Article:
‘I haven’t failed, I just found 10,000 ways it didn’t work’ – Thomas Edison
Our societal definition of failure is quite often associated with the lack of positive outcome or the deviation from our perceived state of success.
In today’s hustle and bustle, our jobs, the bills and the expectations from society, it is quite easy to get caught up in the ‘auto-pilot’ mode just to survive. Before you know it you are burning out and questioning yourself – ‘what is it that you are trying to achieve and who are you doing all this for.’
It is in these moments, that I find myself asking – ‘why are we here and what is the meaning of all of this.’ It is interesting to note that during astronomical events such as eclipses, new planet discoveries, etc, that I get reminded of the greatness of the universe with respect to size and scale. This also gives me perspective and appreciation of how minute the human life is relatively.
Every self aware being will question its existence, its origins and its future. There are many theories and speculations of our existence as human beings. These speculations range from us being in the Matrix to the Earth being an alien experiment to other far fetched theories. There are other theories that we have earned our right as the dominant species through the evolutionary process as such our fundamental purpose is to progress and reproduce to ensure our survival as a species. Furthermore, there are countless explanations of our existence from a religious perspective.
Without delving into the accuracy of these theories and principles with respect to our origins and future, what does all this mean to you and I as we exist today. How do we find meaning in our lives today to influence a better tomorrow? How do we make sense of our existence and the things as a consequence of this rationale? What is this journey represent for us and where do we fit into the big picture?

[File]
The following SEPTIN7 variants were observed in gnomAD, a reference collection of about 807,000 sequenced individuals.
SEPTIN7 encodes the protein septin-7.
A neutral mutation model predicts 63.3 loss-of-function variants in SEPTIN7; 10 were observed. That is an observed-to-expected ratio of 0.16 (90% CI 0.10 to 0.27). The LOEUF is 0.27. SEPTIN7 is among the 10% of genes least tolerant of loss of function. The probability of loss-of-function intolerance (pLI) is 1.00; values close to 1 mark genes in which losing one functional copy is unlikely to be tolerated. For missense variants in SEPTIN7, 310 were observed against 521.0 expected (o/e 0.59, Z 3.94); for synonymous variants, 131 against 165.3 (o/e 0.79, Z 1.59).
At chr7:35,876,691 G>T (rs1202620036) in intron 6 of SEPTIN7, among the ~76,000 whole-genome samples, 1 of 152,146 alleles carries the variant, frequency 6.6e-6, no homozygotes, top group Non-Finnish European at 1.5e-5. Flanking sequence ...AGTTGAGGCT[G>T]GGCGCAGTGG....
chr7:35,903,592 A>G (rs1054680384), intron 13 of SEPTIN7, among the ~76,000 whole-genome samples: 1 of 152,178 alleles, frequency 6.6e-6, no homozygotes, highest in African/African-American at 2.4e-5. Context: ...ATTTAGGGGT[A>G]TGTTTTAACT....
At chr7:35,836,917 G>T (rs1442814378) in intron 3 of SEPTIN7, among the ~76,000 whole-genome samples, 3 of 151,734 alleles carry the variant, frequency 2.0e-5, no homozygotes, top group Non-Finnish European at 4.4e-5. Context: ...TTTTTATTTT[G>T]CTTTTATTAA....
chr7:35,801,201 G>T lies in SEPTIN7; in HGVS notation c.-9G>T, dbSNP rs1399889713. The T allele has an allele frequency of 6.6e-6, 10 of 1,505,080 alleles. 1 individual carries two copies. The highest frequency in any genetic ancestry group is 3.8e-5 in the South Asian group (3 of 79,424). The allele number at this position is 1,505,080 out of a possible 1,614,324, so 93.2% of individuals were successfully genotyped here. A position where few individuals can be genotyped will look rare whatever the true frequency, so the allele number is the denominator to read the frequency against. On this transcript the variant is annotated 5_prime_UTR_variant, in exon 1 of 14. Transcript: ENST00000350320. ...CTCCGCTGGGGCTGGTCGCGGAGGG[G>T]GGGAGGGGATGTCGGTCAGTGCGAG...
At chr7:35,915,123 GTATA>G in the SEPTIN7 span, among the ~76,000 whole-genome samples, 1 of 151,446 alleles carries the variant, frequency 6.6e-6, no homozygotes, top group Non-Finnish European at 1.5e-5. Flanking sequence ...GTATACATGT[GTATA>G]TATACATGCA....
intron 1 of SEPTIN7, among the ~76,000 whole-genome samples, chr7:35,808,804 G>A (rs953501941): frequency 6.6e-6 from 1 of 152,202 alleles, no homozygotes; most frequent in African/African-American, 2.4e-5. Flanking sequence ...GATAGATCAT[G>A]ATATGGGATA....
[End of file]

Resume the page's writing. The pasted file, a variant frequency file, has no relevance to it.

My moment of epiphany occurred as I was driving on the motorway, taking in the sunny weather, marveling at the roadworks that were creating a new access tunnel that will solve all our traffic problems, and there was also a billboard of a newborn baby advertising nappies. A series of thoughts occurred in a flash, it wasn’t so long ago that we were living in caves, with the first modern humans emerging some 200,000 years ago. In comparison to the age of the Earth which is estimated as 4.5 billion years and the universe at 13.8 billion years, this time frame is so minuscule!
Yet in that period we have managed to create technology, social norms and sciences, religious beliefs and architecture to all the intricate workings of our functioning societies that is unparalleled among any other species on this planet and the known universe. Although, there are various schools of thoughts on the success of the survival of the human race and its life on Earth in comparison to its neighbouring planets, but we are here, today, in this moment.
With all the experimentation and selection to get us successfully to where we are today, perhaps we should appreciate and learn as much as we can of the various fields of study and culture that is available to us today. On reflection, this was perhaps the meaning that I was seeking, the progress of our species from the caves to skyscrapers, the sacrifices and quest for knowledge that has led to the information age today. Even a small cup of coffee would not have not been possible without the furtherance in brewing and ceramic manufacturing techniques.
A polymath has a few definitions, a commonly used one is ‘a person of great learning and knowledge.’ Our time here in the grand scheme of things is limited, however I believe to become a better person and pay homage to our ancestors, learning and knowledge are essential for this betterment. Thus, the Polymath Life explores the human experience and the knowledge that occurs from these learnings. In the words of John Lubbock – “what we see mainly depends on what we look for.”